By Albert Samaha
By Steve Weinstein
By Devon Maloney
By Tessa Stuart
By Alison Flowers
By Albert Samaha
By Jesse Jarnow
By Eric Tsetsi
Since hundreds of thousands if not millions of our fellow citizens think that what people like Ann Coulter, Bill O'Reilly, and Bill Maher say is perspicuous and persuasive, is it not plausible to suggest that the most meaningful political alliance in this country is between the rich and the chronically stupid? Rule by a powerful, privileged class of the wealthy and their dependents we clearly have, and we already have a name for it: oligarchy. But what about the rule of the stupid? Sot-archy? Perhaps our hybrid form of governance should be called "sotoligarchy."
Sounds about right to me.
This I know is a harsh thesis, even if it is not an uncommon one. Conservatives and liberals alike have been hurling the epithet "stupid" at each other like a baloney sandwich in a grade school food fight. So, I'll try to add nuance to my use of the term. First, I do not mean to imply that the "rich" are not also at times "stupid" (although the frequency and degree of their recent political and economic victories make me think their stupidity may be strategic and finally shrewd). Second, I do not mean to suggest that the rest of us (the not-rich) are what William Burroughs called "terminal fools." Michael Moore argues, in Stupid White Men, that Americans can't be stupid because he's heard them analyze baseball statistics. Unfortunately, the sad but clear implication of Moore's comment is that in all other areas of cognitive life we are stupid, or at least act as if we were stupid. Let us then qualify our thesis and say that by "stupid" we mean not "organically stupid" but functionally stupid in the political sphere.
We can be even more generous. Somewhere in that ocean of acute perception that we know as Marcel Proust's In Search of Lost Time, Proust makes the following observation. He says that the most common thing about humans is not common sense but human kindness. Unhappily, he goes on, our natural disposition to kindness is always defeated by self-interest.
This is something that has been observed time and again about Americans. We're a nice people, a generous people, a kind people. And yet the policies of our government are cruel and nakedly self-interested. In 1976 I was teaching composition at the University of Iowa when an exiled member of the administration of Salvador Allende asked if he could speak to my class about what had happened in Chile with the CIA-sponsored overthrow of Allende's government and the murder of thousands of students and leftists. He said to my class, "You know, traveling in your country, a person cannot help but be impressed by your kindness. But you do not understand how cruel your government is. You do not understand what you do to the rest of the world when you elect these 'representatives.' "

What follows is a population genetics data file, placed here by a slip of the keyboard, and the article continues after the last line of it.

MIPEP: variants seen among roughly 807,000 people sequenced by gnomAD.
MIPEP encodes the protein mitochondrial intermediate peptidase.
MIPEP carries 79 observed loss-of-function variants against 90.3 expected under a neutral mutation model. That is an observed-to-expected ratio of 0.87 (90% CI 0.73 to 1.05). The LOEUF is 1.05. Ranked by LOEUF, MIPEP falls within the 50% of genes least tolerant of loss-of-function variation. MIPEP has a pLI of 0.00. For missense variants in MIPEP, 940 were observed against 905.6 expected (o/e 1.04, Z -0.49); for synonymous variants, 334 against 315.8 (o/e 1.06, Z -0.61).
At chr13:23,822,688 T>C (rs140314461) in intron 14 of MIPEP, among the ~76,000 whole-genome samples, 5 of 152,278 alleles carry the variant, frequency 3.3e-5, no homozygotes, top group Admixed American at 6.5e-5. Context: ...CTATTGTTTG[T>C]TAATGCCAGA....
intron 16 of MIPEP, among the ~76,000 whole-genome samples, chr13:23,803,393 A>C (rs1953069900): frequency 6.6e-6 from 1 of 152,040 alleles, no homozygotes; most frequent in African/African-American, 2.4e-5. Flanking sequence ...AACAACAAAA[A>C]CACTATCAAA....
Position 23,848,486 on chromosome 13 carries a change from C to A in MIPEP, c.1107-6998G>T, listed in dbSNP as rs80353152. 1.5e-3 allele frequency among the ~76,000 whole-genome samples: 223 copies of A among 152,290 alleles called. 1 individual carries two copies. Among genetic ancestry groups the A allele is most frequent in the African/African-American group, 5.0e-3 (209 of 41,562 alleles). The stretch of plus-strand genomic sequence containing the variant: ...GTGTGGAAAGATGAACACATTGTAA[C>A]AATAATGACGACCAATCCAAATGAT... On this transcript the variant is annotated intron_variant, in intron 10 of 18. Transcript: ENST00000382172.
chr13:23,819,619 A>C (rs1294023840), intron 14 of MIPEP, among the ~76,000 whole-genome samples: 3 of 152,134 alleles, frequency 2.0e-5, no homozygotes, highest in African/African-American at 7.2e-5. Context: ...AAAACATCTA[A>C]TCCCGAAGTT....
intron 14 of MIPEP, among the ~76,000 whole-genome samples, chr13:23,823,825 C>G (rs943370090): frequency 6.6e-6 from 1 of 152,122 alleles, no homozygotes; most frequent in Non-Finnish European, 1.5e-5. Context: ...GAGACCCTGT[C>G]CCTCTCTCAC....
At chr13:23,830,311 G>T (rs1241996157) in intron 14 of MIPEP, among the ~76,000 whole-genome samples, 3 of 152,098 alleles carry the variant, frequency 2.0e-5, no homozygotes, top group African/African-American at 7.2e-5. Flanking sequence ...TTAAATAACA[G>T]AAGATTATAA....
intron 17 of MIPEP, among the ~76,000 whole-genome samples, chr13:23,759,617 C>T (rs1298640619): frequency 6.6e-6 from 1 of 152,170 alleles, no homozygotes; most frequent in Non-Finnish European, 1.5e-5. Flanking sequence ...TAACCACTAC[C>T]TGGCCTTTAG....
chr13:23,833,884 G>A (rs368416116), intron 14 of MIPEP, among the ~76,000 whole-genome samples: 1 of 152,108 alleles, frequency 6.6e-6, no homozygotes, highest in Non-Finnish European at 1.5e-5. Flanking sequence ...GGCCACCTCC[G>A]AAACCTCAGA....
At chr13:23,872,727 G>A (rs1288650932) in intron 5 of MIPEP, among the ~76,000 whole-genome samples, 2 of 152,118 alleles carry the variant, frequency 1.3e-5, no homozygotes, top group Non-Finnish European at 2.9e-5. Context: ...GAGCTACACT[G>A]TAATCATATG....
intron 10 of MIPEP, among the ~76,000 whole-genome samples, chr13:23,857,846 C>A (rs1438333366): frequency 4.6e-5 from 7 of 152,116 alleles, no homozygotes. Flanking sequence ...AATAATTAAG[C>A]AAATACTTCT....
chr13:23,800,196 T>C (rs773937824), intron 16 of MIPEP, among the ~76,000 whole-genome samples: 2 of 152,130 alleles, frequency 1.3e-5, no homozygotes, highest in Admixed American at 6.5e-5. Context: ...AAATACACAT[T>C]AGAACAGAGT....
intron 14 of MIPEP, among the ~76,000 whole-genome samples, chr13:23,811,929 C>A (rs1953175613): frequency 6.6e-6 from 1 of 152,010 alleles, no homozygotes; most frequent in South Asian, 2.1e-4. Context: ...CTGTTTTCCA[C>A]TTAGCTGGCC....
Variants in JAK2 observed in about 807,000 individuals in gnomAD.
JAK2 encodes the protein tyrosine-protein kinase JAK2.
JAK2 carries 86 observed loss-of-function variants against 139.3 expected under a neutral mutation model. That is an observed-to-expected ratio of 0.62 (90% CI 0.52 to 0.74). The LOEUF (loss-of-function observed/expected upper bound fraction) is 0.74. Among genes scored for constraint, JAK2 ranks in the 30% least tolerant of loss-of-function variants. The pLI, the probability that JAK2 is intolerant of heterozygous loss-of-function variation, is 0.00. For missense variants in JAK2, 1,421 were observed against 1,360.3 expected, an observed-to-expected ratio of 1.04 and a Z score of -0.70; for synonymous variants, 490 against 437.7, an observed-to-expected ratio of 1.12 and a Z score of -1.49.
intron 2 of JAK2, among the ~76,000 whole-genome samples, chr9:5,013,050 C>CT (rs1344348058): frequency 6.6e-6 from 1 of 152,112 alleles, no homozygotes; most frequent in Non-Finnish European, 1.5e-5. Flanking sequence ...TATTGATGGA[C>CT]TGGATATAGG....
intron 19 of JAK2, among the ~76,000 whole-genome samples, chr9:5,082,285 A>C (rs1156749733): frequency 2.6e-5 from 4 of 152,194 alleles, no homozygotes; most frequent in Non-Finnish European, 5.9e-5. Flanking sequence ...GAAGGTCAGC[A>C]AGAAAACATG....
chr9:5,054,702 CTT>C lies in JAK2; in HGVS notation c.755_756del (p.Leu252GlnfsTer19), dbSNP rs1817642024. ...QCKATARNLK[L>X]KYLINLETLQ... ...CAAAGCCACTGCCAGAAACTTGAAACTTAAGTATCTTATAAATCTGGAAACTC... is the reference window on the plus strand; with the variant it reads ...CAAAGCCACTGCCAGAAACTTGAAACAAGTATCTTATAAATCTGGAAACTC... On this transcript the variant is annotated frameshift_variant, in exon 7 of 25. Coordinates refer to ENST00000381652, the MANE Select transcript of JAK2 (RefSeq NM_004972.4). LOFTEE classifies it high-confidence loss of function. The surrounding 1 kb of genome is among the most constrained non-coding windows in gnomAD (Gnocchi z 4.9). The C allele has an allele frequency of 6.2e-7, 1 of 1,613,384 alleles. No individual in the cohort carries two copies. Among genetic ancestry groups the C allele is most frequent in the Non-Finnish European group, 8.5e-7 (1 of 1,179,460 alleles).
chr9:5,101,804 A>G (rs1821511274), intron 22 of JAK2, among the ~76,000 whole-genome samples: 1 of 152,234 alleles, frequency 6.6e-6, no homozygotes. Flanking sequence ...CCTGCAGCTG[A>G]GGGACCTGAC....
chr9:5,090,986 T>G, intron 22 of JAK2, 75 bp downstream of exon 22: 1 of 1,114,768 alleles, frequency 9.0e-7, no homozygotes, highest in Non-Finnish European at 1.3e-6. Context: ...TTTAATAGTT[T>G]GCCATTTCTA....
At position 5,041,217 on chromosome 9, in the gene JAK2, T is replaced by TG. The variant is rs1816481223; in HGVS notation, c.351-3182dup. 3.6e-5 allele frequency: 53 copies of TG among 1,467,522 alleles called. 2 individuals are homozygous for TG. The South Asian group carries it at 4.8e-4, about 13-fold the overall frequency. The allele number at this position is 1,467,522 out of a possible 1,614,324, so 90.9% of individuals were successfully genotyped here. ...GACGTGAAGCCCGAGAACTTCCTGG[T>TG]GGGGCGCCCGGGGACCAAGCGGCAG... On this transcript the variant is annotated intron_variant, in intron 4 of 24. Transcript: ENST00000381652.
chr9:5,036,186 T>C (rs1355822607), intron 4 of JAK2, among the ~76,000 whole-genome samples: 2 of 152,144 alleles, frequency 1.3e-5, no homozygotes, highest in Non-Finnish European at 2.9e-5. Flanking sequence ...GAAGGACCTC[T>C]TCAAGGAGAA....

Or, the obvious example of the moment: We have nothing against Muslims in the abstract. We have no reason to be unkind to them. But since they happen to be sitting on a huge proportion of the world's oil resources we feel obliged to choose death and worse for them routinely. Our desire to be kind is routinely overwhelmed by our government's desire to act in what it perceives to be the self-interest (the gravely intoned "national interest") of the people it represents. Our kindness ends up expressed as violence.
Proust himself was always generous, or kind, before all else. But his native generosity became the acid of social criticism when his unflinching, unapologetic regard fell upon the cruelty of self-interest. He considered cruelty more than anything else just maddeningly, puzzlingly, infinitely stupid. The stupidity of class arrogance. The stupidity of anti-Semitism. The stupidity of homophobia. Time and again, he discovered the self-interested desire to be an aristocrat, to have wealth, or simply to get laid at the root of the most unspeakable cruelty. For the infinitely gentle Marcel Proust, deliberate unkindness, especially when motivated by self-interest, hurt him and angered him more than anything else he could name.
But I think we need to add something to Proust's intelligent observation. We need to add the further irony that we are wrong to think that cruelty functions in our self-interest. Cruelty does not work. In both the short and long run, cruel efforts to maintain self-interest have the consequence of making us conspire against ourselves. By acting cruelly in our self-interest we actually become conspirators in our own defeat.
You might call this the law of political karmic return. The CIA calls it blowback and figures it into the cost of doing business. I think it is more insidious than that. We conspire against ourselves in all sorts of ways, most of which are so familiar that they seem almost like common sense. The root problem is that all of our decisions go into a rational machinery, a social calculus of "benefit." Thus, the infamous "cost-benefit analysis." So we think, "If I clear-cut this forest I can sell the timber and plant soybeans for export to China, a very profitable move. But if I cut down the forest we may not have air to breathe or a stable climate in the future. Animals will be deprived of habitat. Species may go extinct. Oh, fuck it, why should my forest be responsible for the future when it can be profitable now?"